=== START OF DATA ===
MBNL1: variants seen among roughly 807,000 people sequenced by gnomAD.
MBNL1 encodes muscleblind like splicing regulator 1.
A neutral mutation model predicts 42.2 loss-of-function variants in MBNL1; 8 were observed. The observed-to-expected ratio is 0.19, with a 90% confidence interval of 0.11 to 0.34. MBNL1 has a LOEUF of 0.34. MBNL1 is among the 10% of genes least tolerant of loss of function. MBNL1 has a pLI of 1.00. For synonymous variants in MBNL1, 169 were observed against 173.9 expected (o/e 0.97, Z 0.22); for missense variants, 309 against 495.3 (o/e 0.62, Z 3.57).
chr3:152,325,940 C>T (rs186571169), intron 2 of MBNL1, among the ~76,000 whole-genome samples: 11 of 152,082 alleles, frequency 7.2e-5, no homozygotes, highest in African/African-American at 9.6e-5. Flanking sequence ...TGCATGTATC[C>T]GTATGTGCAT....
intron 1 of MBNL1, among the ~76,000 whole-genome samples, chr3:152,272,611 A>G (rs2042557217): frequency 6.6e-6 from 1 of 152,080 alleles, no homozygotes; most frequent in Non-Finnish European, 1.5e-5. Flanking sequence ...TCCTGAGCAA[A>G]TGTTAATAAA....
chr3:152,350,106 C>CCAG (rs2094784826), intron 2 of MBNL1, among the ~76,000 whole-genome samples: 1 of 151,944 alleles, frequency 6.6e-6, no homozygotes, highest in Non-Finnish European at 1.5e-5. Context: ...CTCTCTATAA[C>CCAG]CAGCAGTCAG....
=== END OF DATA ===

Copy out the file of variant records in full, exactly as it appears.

MBNL1: variants seen among roughly 807,000 people sequenced by gnomAD.
MBNL1 encodes muscleblind like splicing regulator 1.
A neutral mutation model predicts 42.2 loss-of-function variants in MBNL1; 8 were observed. The observed-to-expected ratio is 0.19, with a 90% confidence interval of 0.11 to 0.34. MBNL1 has a LOEUF of 0.34. MBNL1 is among the 10% of genes least tolerant of loss of function. MBNL1 has a pLI of 1.00. For synonymous variants in MBNL1, 169 were observed against 173.9 expected (o/e 0.97, Z 0.22); for missense variants, 309 against 495.3 (o/e 0.62, Z 3.57).
chr3:152,325,940 C>T (rs186571169), intron 2 of MBNL1, among the ~76,000 whole-genome samples: 11 of 152,082 alleles, frequency 7.2e-5, no homozygotes, highest in African/African-American at 9.6e-5. Flanking sequence ...TGCATGTATC[C>T]GTATGTGCAT....
intron 1 of MBNL1, among the ~76,000 whole-genome samples, chr3:152,272,611 A>G (rs2042557217): frequency 6.6e-6 from 1 of 152,080 alleles, no homozygotes; most frequent in Non-Finnish European, 1.5e-5. Flanking sequence ...TCCTGAGCAA[A>G]TGTTAATAAA....
chr3:152,350,106 C>CCAG (rs2094784826), intron 2 of MBNL1, among the ~76,000 whole-genome samples: 1 of 151,944 alleles, frequency 6.6e-6, no homozygotes, highest in Non-Finnish European at 1.5e-5. Context: ...CTCTCTATAA[C>CCAG]CAGCAGTCAG....